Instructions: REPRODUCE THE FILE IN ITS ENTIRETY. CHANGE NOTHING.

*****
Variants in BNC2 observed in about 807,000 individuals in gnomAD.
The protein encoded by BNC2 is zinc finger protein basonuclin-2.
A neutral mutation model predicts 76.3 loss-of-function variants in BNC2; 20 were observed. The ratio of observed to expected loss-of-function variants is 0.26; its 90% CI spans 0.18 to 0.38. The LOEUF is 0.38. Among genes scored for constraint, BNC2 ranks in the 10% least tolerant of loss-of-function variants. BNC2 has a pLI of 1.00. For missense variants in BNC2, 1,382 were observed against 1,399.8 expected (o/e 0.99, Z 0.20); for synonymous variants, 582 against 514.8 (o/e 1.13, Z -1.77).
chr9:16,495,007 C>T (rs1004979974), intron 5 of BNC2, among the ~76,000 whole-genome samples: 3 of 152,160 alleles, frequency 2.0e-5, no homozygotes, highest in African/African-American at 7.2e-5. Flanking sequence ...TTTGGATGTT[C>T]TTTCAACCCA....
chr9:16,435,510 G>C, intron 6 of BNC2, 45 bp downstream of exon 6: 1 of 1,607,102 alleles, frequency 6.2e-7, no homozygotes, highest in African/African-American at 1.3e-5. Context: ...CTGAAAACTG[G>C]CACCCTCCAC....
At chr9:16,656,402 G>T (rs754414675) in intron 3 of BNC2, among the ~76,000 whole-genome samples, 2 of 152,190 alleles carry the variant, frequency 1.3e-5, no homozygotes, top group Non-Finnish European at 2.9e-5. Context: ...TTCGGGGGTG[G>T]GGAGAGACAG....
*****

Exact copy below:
Variants in BNC2 observed in about 807,000 individuals in gnomAD.
The protein encoded by BNC2 is zinc finger protein basonuclin-2.
A neutral mutation model predicts 76.3 loss-of-function variants in BNC2; 20 were observed. The ratio of observed to expected loss-of-function variants is 0.26; its 90% CI spans 0.18 to 0.38. The LOEUF is 0.38. Among genes scored for constraint, BNC2 ranks in the 10% least tolerant of loss-of-function variants. BNC2 has a pLI of 1.00. For missense variants in BNC2, 1,382 were observed against 1,399.8 expected (o/e 0.99, Z 0.20); for synonymous variants, 582 against 514.8 (o/e 1.13, Z -1.77).
chr9:16,495,007 C>T (rs1004979974), intron 5 of BNC2, among the ~76,000 whole-genome samples: 3 of 152,160 alleles, frequency 2.0e-5, no homozygotes, highest in African/African-American at 7.2e-5. Flanking sequence ...TTTGGATGTT[C>T]TTTCAACCCA....
chr9:16,435,510 G>C, intron 6 of BNC2, 45 bp downstream of exon 6: 1 of 1,607,102 alleles, frequency 6.2e-7, no homozygotes, highest in African/African-American at 1.3e-5. Context: ...CTGAAAACTG[G>C]CACCCTCCAC....
At chr9:16,656,402 G>T (rs754414675) in intron 3 of BNC2, among the ~76,000 whole-genome samples, 2 of 152,190 alleles carry the variant, frequency 1.3e-5, no homozygotes, top group Non-Finnish European at 2.9e-5. Context: ...TTCGGGGGTG[G>T]GGAGAGACAG....